distance away. Further the evidence of P.W.9 (Buta Singh) establishes that
Accused Nos. 1, 2 and 3 were seen by him going towards the house of Sohan Singh
at approximately 9 P.M. on the same night.
Apart from the above, the evidence of P.W.6
(Iqbal Singh), P.W.7 (Gurdarshan Singh) and P.W.15, S.H.O., i.e.the
Investigating officer, establishes that there had been recovery of a Darat and
a blood stained pant at the instance of Appellant No. 1 and recovery of another
Darat at the instance of Appellant No. 2.
In our view, both the Courts below have
correctly held that the above evidence coupled with the recoveries@@
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doubt that Appellant No. 1@@ JJJJJJJJJJJJJJJJJJJJ was (a) for sometime a tenant
of Mohan Singh; (b) that there had been illicit relationship between him and
Appellant No. 4 (c) that Appellants 2 and 3 used to visit the house of Mohan
Singh when Appellant No. 7 was a tenant in that house. (d) that Sohan Singh had
objected to the illicit relationship between Appellant Nos. 1 and 4 (e) that
Appellant No. 4 wanted to sell off her portion of the house and Sohan Singh was
objecting to it (f) that there was motive for the murder (g) that Appellant No.
4 had threatened Karnal Kaul that she would see that she too became a widow (h)
that Appellant No. 4 got all family members to attend Ramleela programme,
thereby leaving Sohan Singh alone in the house (i) that Appellant No. 4 tried
to get son of Sohan Singh also to stay back but could not succeed in doing so
(j) that Appellant No. 4 left the Ramleela programme (k) that Appellant Nos. 1,
2 and 3 were seen going towards the house of Sohan Singh, round about 9 p.m. on
the night of the murder (l) that on returning home, from the Ramleela programme
Appellant No. 4 bolted the door of her room which allowed entry from outside
and (m) Appellant No. 4 calling the daughters of Sohan Singh not to tell
anybody about enmity or to name anybody.
This has to be coupled with the fact that
there had been recovery of a blood stained Darat and pant at the instance of
Appellant No. 1 and a blood stained Darat at the instance of Appellant No. 2.
There is no explanation from Appellant Nos. 1 and 2 why the blood stained
Darats were so hidden by them or how they could help discover the same.
All these circumstances put together
unerringly lead to the conclusion that Appellants 1, 2 & 4 had conspired to
murder and murdered Sohan Singh between the night of 15th and 16th October,
It is not possible to accept the submission
that the evidence of the witnesses could not be believed. Both the Courts below
have set out detailed reasons why the evidence was trustworthy and believable.
We fully endorse those findings.
It must also be noted that in her statement
under Section 313 Cr.P.C. Appellant No. 4 denies that she had left the Ramleela
function. The evidence of witnesses clearly establishes that she had left the
In the case of Swapan Patra v. State of West
Bengal [(1999) 9 SCC 242], it has been held that it is a well settled principle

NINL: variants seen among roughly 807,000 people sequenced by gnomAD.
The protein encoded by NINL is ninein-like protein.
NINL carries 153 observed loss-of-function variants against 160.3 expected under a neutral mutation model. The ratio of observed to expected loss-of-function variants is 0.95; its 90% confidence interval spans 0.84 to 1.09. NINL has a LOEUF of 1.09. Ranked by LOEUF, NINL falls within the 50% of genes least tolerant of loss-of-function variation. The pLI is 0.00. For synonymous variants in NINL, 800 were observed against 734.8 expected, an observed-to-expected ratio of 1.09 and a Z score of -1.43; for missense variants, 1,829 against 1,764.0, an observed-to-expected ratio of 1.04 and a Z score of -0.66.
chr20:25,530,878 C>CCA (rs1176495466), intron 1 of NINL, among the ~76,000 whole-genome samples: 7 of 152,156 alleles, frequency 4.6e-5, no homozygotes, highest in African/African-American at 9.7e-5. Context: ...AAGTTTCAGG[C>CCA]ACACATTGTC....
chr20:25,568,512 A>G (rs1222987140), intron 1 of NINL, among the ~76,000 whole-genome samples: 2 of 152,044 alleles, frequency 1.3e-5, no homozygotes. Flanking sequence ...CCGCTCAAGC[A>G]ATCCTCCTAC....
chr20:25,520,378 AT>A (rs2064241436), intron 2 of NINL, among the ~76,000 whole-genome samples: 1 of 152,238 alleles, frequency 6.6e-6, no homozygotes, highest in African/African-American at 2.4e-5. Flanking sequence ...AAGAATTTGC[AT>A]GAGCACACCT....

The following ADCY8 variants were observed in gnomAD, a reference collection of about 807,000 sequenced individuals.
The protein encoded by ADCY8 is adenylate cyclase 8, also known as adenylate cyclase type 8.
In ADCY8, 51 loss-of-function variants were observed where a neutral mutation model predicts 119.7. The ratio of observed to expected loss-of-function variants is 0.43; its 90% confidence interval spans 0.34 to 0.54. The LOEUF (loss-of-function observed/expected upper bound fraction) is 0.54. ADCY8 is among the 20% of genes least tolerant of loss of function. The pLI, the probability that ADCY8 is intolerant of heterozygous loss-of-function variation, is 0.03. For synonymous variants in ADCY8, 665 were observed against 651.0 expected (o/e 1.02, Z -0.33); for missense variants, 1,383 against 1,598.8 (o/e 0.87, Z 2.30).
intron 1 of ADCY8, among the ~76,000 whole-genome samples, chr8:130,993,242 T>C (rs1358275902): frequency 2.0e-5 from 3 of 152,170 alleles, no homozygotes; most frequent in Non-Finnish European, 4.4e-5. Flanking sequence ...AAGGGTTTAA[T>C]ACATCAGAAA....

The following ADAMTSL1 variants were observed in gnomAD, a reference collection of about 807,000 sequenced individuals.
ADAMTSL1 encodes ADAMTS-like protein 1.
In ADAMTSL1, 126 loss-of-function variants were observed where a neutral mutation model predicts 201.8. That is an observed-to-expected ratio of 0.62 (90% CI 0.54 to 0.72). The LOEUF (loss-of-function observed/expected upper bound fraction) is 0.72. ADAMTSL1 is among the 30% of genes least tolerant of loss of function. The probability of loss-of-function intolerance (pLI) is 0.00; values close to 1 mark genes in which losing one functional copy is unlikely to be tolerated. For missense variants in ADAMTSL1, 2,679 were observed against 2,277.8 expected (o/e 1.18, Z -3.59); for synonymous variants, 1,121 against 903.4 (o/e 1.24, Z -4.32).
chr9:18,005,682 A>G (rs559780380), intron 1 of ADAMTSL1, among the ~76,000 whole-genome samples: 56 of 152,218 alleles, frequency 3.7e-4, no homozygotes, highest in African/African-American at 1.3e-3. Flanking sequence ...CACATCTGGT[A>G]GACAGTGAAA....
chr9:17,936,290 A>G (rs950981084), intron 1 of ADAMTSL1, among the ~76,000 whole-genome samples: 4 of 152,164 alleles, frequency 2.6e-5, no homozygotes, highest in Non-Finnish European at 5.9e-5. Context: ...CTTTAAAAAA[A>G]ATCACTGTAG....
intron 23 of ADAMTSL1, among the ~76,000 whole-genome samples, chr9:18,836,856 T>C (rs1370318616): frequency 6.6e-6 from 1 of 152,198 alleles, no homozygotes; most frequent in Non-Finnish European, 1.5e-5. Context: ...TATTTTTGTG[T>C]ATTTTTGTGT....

that in a case of circumstantial evidence when the accused offers an
explanation and that explanation is found to be untrue then the same offers an
additional link in the chain of circumstances to complete the chain.
The same principle is reiterated in the case
of State of Maharashtra v. Suresh [(2000) 1 SCC 471]. In this case it has been
held that a false answer offered by the accused when his attention was drawn to
a circumstance renders that circumstance capable of inculpating him. It is held
that in such a situation like this a false answer can also be counted as
providing "a missing link" for completing the chain.
The false answer given by Appellant No. 4
denying that she had left the Ramleela programme provides the additional link
or a missing link in completing the chain of circumstances.
In our view it is established beyond a
reasonable doubt that Accused nos. 1, 2 and 4 had entered into a conspiracy and
had murdered Sohan Singh.
However, so far as Appellant No. 3, Uttam
Chand is concerned, the only evidence against him is the evidence of P.W.9. PW
9 has deposed that he had seen him going, along with Appellant Nos. 1 and 2,
towards the house of the deceased. In our view, this by itself is not
sufficient to establish the guilt. The only other evidence against Appellant
No. 3 is the evidence of P.W.5 (Darshan Singh).
Both the Courts below have accepted the
evidence of P.W.5.
We have read the evidence of P.W.5. We have
also seen the contradictory statement which he had made in his statement to the
police. In our view, the contradictions are substantial. They lead to the
conclusion that the evidence of P.W.5 cannot be relied upon. In the absence of
this evidence there is no circumstance or proof which links Appellant No. 3 to
the conspiracy or the murder. We, therefore, set aside the conviction of
Appellant No. 3 Uttam Chand under Section 120-B read with Section 302 I.P.C..
He is acquitted of all the charges. He shall be forthwith set at liberty,
unless required in some other case.
The Appeal against the conviction of
Appellant No. 1 - Kuldeep Singh, Appellant no. 2 - Mahendra Singh and Appellant
No. 4 - Surjeet Kaur stands dismissed. They are sentenced to undergo
imprisonment of life. The bail bonds shall stand cancelled. We direct
Appellants 1, 2 and 4 to surrender. On their failure to do so we direct the
Sessions Judge, Sri Ganganagar to take immediate and necessary steps to put the
Accused in jail for undergoing the sentences imposed on them.